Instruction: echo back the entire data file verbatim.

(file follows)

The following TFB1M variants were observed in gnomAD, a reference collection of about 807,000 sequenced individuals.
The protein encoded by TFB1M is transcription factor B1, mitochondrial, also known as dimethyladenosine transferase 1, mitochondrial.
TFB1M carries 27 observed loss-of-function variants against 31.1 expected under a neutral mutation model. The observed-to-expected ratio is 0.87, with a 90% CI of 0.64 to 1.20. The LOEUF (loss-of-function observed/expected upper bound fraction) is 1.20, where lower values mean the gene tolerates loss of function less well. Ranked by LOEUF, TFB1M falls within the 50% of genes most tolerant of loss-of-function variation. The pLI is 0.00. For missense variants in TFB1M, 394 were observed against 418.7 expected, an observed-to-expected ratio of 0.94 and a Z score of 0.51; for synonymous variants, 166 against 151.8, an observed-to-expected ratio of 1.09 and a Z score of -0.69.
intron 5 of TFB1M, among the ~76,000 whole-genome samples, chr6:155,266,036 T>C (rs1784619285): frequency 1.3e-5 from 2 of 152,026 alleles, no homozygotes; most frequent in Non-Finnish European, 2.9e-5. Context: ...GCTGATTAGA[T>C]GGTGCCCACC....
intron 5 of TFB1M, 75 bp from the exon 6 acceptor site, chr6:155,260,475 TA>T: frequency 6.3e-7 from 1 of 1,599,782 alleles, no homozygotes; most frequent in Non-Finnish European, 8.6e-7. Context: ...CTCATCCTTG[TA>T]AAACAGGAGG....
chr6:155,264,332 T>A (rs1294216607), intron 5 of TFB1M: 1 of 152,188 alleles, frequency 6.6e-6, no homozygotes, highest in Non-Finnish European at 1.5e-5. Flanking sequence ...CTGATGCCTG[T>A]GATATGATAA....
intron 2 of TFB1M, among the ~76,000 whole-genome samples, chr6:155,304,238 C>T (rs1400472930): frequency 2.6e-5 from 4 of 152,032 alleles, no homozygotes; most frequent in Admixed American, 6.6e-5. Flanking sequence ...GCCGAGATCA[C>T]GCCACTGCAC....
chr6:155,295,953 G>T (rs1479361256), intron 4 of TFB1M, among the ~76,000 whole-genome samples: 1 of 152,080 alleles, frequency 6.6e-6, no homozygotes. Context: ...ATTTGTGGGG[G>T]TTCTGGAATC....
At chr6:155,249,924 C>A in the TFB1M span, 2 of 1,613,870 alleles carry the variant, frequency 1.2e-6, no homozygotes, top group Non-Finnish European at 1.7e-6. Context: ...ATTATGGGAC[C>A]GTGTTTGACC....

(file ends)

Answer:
The following TFB1M variants were observed in gnomAD, a reference collection of about 807,000 sequenced individuals.
The protein encoded by TFB1M is transcription factor B1, mitochondrial, also known as dimethyladenosine transferase 1, mitochondrial.
TFB1M carries 27 observed loss-of-function variants against 31.1 expected under a neutral mutation model. The observed-to-expected ratio is 0.87, with a 90% CI of 0.64 to 1.20. The LOEUF (loss-of-function observed/expected upper bound fraction) is 1.20, where lower values mean the gene tolerates loss of function less well. Ranked by LOEUF, TFB1M falls within the 50% of genes most tolerant of loss-of-function variation. The pLI is 0.00. For missense variants in TFB1M, 394 were observed against 418.7 expected, an observed-to-expected ratio of 0.94 and a Z score of 0.51; for synonymous variants, 166 against 151.8, an observed-to-expected ratio of 1.09 and a Z score of -0.69.
intron 5 of TFB1M, among the ~76,000 whole-genome samples, chr6:155,266,036 T>C (rs1784619285): frequency 1.3e-5 from 2 of 152,026 alleles, no homozygotes; most frequent in Non-Finnish European, 2.9e-5. Context: ...GCTGATTAGA[T>C]GGTGCCCACC....
intron 5 of TFB1M, 75 bp from the exon 6 acceptor site, chr6:155,260,475 TA>T: frequency 6.3e-7 from 1 of 1,599,782 alleles, no homozygotes; most frequent in Non-Finnish European, 8.6e-7. Context: ...CTCATCCTTG[TA>T]AAACAGGAGG....
chr6:155,264,332 T>A (rs1294216607), intron 5 of TFB1M: 1 of 152,188 alleles, frequency 6.6e-6, no homozygotes, highest in Non-Finnish European at 1.5e-5. Flanking sequence ...CTGATGCCTG[T>A]GATATGATAA....
intron 2 of TFB1M, among the ~76,000 whole-genome samples, chr6:155,304,238 C>T (rs1400472930): frequency 2.6e-5 from 4 of 152,032 alleles, no homozygotes; most frequent in Admixed American, 6.6e-5. Flanking sequence ...GCCGAGATCA[C>T]GCCACTGCAC....
chr6:155,295,953 G>T (rs1479361256), intron 4 of TFB1M, among the ~76,000 whole-genome samples: 1 of 152,080 alleles, frequency 6.6e-6, no homozygotes. Context: ...ATTTGTGGGG[G>T]TTCTGGAATC....
At chr6:155,249,924 C>A in the TFB1M span, 2 of 1,613,870 alleles carry the variant, frequency 1.2e-6, no homozygotes, top group Non-Finnish European at 1.7e-6. Context: ...ATTATGGGAC[C>A]GTGTTTGACC....